I need to review the critiques with a critical eye, pulling out what makes sense to me, and rebuild the story taking care not to lose myself in the process.

Sunday, July 25, 2010

Can you see what it is yet?

Bow section nearly complete. The fore deck and forecastle is now decked - and well-trodden already! - just waiting for some hull planking. I don't intend to butt the planks up, they'll be spaced out a bit, really just enough to give the hull some shape without making the structure look too heavy.

And the second mast is in place in the background. If the masts look a little short, that's because they are. I still have to add top masts to both.

Wednesday, July 21, 2010

(2005) The last piece of the jigsaw?

July 2005

Dear Aunt Agatha,

At last, after nine months in Canada, I've finally got a job!

Whew! What a long haul that was. And not at all what I expected. After all the immigration press about how the country is crying out for professionals, including IT people, landing employment in Victoria has been a nightmare.

Last time I wrote, I mentioned how different the hiring process is here compared to what I was used to in Guernsey. Another thing I've learned is how insular much of the private sector is. Time and again I heard how it's not what you know, it's who you know. Many people I spoke to along the way were quite open about the fact that most of their new hires are youngsters they've already met through co-op placements from UVic or Camosun College. And in the one or two interviews I had I got the uncomfortable feeling that they were just "going through the motions" to satisfy anti-discrimination laws with no serious intention of actually hiring a foreigner.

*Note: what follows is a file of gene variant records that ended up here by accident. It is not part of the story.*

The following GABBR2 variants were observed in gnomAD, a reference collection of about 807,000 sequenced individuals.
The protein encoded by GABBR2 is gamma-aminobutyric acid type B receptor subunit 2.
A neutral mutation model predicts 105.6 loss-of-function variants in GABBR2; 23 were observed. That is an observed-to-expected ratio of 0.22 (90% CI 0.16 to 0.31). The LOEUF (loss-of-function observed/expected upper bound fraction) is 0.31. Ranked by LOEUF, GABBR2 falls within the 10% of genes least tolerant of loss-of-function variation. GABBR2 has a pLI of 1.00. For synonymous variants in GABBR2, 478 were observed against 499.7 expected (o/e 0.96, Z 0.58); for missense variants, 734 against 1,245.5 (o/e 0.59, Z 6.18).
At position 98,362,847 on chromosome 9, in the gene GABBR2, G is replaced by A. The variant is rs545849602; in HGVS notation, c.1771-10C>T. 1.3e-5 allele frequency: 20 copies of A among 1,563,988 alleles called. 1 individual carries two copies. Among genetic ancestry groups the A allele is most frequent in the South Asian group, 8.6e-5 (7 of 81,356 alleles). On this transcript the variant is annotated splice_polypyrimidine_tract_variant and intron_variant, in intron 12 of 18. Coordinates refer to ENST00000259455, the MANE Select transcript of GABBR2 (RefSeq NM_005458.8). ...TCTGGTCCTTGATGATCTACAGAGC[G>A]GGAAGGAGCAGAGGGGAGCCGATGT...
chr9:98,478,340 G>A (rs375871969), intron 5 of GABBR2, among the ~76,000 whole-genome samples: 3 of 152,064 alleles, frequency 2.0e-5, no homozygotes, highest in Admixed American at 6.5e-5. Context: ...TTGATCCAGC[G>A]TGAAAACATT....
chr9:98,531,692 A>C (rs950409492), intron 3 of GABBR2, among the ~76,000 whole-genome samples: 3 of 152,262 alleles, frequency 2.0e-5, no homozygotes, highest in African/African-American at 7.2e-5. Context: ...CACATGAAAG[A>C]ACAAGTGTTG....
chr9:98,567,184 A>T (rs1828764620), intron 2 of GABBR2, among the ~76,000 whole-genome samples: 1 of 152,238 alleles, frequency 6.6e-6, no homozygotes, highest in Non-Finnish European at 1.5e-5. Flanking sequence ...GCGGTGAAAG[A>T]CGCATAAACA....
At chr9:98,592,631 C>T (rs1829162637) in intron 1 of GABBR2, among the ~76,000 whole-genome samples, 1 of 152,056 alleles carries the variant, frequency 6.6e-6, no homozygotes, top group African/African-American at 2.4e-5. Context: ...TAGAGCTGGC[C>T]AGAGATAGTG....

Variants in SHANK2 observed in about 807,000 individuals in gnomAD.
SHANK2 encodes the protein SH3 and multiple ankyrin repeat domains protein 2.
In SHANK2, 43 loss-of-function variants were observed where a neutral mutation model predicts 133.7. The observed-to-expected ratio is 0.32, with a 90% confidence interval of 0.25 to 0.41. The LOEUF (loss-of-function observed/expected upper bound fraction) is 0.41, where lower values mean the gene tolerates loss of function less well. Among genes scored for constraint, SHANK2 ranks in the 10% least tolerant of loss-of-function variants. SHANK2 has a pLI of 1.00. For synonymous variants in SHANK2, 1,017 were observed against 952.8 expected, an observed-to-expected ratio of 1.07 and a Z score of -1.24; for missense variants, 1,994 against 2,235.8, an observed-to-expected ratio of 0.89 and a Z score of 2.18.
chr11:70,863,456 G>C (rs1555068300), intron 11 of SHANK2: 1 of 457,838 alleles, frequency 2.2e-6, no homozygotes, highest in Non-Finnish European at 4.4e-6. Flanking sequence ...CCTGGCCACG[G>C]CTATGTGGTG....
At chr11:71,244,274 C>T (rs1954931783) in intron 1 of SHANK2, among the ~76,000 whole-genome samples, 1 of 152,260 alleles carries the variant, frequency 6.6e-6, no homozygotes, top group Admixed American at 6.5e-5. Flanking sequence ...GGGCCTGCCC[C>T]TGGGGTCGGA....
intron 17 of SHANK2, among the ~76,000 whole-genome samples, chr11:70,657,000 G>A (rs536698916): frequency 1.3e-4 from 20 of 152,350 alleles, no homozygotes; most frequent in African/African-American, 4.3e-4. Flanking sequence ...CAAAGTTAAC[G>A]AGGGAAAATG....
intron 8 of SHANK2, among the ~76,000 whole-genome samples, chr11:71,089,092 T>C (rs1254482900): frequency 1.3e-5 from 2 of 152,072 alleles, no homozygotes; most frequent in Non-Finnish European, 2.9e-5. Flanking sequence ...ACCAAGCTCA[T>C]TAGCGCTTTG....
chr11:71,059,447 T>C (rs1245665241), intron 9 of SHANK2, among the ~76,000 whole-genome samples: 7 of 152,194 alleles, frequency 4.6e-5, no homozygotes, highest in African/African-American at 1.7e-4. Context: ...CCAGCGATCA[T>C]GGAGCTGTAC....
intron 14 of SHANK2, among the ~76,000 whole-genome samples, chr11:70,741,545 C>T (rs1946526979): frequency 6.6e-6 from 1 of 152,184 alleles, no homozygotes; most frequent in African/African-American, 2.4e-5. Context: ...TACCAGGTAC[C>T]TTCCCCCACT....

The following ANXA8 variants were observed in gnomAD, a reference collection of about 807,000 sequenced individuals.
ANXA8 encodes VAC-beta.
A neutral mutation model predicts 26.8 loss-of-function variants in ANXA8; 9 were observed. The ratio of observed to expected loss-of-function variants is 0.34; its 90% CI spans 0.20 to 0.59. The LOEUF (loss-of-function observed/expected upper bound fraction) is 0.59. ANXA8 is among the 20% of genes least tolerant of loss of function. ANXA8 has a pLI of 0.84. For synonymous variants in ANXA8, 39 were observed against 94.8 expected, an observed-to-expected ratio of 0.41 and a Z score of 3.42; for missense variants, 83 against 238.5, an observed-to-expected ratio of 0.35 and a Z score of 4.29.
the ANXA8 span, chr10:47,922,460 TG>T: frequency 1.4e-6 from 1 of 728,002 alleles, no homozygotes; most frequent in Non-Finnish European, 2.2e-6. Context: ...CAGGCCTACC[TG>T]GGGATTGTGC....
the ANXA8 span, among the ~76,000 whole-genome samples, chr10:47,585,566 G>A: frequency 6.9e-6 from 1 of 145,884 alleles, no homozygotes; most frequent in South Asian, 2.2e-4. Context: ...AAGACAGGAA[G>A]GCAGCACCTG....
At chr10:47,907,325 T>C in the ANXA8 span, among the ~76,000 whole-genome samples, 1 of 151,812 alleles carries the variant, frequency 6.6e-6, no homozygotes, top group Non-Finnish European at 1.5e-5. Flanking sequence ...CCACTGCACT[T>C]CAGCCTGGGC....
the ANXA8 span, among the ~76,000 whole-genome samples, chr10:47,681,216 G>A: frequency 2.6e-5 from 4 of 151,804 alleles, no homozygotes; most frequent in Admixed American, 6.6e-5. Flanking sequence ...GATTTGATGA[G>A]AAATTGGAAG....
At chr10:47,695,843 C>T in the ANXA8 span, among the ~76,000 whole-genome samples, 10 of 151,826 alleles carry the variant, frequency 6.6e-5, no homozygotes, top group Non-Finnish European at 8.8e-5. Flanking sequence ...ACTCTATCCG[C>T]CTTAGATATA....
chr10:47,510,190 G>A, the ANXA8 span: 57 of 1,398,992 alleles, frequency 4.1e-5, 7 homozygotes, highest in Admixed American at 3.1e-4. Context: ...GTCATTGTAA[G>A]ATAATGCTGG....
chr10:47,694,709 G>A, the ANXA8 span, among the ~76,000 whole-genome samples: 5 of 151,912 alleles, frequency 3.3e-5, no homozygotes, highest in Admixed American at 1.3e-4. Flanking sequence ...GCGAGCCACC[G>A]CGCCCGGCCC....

Government seems a lot more receptive to new blood. Luckily Government in Victoria is a big employer, and that's where I've landed up. Won't be starting for a few weeks, we have friends visiting from Guernsey soon so I'm waiting until we get back from a camping trip with them up-island.

Back to the dearth of professionals, though, something that has puzzled us and Canadians alike is the mountain of obstacles the country puts in the way of newcomers. Any qualification you might hold in your home country is effectively worthless here. All the immigration press is full of pleas for professionals such as tradesmen and healthcare workers. What they don't say so loudly is that you need to retrain before you can actually work. I am fortunate that IT has not yet matured to the point where you need formal qualifications to work. And an Oxford University degree seems to transcend borders.

Meanwhile the city keeps on reminding us why it was worth the risk and all the anxiety. We spent a wonderful day at the tall ships festival which took over the harbour last month. And we saw a whole family of barred owls while walking Gypsy in the woods at Centennial Park.